It is the fluidity of dastangoi, its ability to finds its place in informal and intimate spaces and the remarkable effect the ancient art of storytelling in Urdu has on an audience, that has theatre actor, writer and director Sanjeev Johri completely absorbed. After 30 years on stage as an actor, working with various theatre groups, and theatre people such as Joy Michael, Barry John, and Rajinder Nath, Johri is now performing his first composed dastangoi Kissa Guru Nanak Ki Namaz Ka. Nath has also been writing and directing plays, primarily in Hindi.
The dastan is based on a true story from the Janam Saakhi, which is a collection of incidents from the life of Guru Nanak, and it’s a story that has been in Johri’s mind for years. Johri says it was a brief story and he had to create a complete scenario, imagining the dialogues, the setting, etc, even as he had to retain the essence. “Only when I had written it I realised that this is the 550th birth anniversary of Nanak, and that’s why I want to travel with the dastangoi. The form, which has gained immense popularity in the last one decade, doesn’t need an auditorium, it can be performed in small studios, living rooms, under a tree, there is no huge cast or logistics involved, and unlike a full-fledged theatre production, it is easier to travel with. All you need is a live audience,” says Johri, who has performed Kissa Guru Nanak Ki Namaz Ka in Delhi and Gurgaon.
The story is of the Nawab of Sultanpur who comes to know that Nanak has proclaimed that ‘There is no Hindu, no Muslim’. Instigated by a courtier, the Nawab takes offence, and decides to trick Nanak into converting to Islam. He invites Nanak to the mosque and join him for namaz. Nanak goes, but the tables are turned when he points out a basic mistake in the Nawab’s worship, which the Nawab couldn’t deny. This brings about a sea change in the Nawab, and results in him taking a greater initiative towards pure worship.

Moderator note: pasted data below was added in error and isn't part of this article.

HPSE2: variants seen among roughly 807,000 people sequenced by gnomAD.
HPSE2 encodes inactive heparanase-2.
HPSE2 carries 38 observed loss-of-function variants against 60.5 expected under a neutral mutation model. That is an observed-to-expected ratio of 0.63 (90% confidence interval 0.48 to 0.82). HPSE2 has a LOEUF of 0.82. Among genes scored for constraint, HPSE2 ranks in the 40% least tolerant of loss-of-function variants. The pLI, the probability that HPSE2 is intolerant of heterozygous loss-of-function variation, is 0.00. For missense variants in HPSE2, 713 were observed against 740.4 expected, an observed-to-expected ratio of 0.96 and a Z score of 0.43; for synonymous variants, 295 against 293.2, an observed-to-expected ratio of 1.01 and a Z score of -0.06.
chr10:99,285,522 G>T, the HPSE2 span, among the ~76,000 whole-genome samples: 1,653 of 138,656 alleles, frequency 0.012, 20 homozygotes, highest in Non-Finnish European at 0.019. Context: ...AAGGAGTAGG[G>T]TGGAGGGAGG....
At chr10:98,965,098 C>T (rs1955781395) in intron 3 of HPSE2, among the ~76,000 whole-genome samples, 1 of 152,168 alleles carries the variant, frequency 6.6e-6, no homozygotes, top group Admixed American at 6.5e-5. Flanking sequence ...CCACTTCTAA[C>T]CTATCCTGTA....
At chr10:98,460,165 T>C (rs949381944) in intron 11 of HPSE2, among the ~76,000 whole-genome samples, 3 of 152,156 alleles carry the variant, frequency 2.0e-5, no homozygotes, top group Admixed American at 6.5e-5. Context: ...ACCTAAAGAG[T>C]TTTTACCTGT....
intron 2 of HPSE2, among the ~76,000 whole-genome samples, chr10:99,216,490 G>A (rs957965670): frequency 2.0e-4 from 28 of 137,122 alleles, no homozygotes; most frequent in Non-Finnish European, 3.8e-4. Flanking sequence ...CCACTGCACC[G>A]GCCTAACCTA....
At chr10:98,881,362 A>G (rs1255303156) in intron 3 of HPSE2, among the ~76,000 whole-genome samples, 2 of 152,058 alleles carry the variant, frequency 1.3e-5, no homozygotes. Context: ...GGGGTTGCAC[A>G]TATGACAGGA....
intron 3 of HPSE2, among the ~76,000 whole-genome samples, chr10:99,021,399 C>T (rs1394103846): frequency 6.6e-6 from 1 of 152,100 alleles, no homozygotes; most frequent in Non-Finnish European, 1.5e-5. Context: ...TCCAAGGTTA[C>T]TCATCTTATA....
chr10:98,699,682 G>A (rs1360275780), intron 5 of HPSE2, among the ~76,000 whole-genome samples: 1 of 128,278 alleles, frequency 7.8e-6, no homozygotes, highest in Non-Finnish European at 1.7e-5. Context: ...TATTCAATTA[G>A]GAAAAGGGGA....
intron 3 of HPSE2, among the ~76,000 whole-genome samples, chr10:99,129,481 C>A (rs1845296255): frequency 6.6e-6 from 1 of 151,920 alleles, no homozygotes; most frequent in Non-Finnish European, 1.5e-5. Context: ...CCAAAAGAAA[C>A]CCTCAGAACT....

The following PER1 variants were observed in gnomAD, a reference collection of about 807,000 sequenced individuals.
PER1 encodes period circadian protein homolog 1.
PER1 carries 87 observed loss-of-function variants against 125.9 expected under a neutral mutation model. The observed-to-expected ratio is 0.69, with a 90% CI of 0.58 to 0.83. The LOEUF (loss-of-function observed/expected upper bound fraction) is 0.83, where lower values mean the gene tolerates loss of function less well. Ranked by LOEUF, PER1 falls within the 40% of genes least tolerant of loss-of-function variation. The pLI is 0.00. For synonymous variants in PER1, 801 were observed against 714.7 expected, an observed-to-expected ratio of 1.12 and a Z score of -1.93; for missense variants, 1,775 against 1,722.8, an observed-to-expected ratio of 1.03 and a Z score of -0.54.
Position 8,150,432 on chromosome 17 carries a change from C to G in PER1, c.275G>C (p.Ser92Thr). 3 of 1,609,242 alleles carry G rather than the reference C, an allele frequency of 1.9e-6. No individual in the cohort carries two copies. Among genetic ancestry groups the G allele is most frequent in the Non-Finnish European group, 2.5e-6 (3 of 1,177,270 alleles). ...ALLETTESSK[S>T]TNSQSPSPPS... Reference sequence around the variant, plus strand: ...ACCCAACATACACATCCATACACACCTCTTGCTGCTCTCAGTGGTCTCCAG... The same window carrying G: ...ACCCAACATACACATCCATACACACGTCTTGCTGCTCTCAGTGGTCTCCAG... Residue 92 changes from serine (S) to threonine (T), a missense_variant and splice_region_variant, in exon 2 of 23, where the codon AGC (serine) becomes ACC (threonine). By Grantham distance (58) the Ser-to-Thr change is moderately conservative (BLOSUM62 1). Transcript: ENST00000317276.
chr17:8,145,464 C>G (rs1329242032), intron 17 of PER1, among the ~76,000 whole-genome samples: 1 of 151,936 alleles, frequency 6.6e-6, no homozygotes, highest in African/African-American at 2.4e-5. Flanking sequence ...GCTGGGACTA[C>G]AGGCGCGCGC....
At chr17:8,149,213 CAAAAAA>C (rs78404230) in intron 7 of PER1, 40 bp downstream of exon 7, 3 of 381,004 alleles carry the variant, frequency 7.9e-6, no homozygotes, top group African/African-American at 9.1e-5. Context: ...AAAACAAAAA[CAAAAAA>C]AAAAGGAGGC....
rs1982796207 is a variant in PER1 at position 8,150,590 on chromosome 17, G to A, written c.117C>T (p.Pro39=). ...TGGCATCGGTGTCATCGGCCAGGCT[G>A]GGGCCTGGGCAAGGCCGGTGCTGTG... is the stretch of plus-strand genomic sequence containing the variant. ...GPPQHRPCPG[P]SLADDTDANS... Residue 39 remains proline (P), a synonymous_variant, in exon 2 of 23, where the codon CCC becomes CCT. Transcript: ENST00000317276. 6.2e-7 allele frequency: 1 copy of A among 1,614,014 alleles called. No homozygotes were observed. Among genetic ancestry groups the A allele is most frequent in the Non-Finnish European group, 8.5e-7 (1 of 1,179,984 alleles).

A physiotherapist by profession, 54-year-old Delhi-based Johri says he has had a passion for theatre since childhood, and he takes the art form as seriously as his profession, giving it the time and work it requires. Despite any formal training, it’s the experience over the years that gives him a chance to explore and experiment. “My first play as a director was Andhi Gali and the new play that I have written is Aadhe Sukh Ka Niyam. There are so many stories that I want to share, but many cannot be translated for stage. Dastangoi is a fantastic art to narrate medium-length stories and is as powerful as a play. I am very overwhelmed with the response of the audience, and I hope to take this work places,” says Johri.
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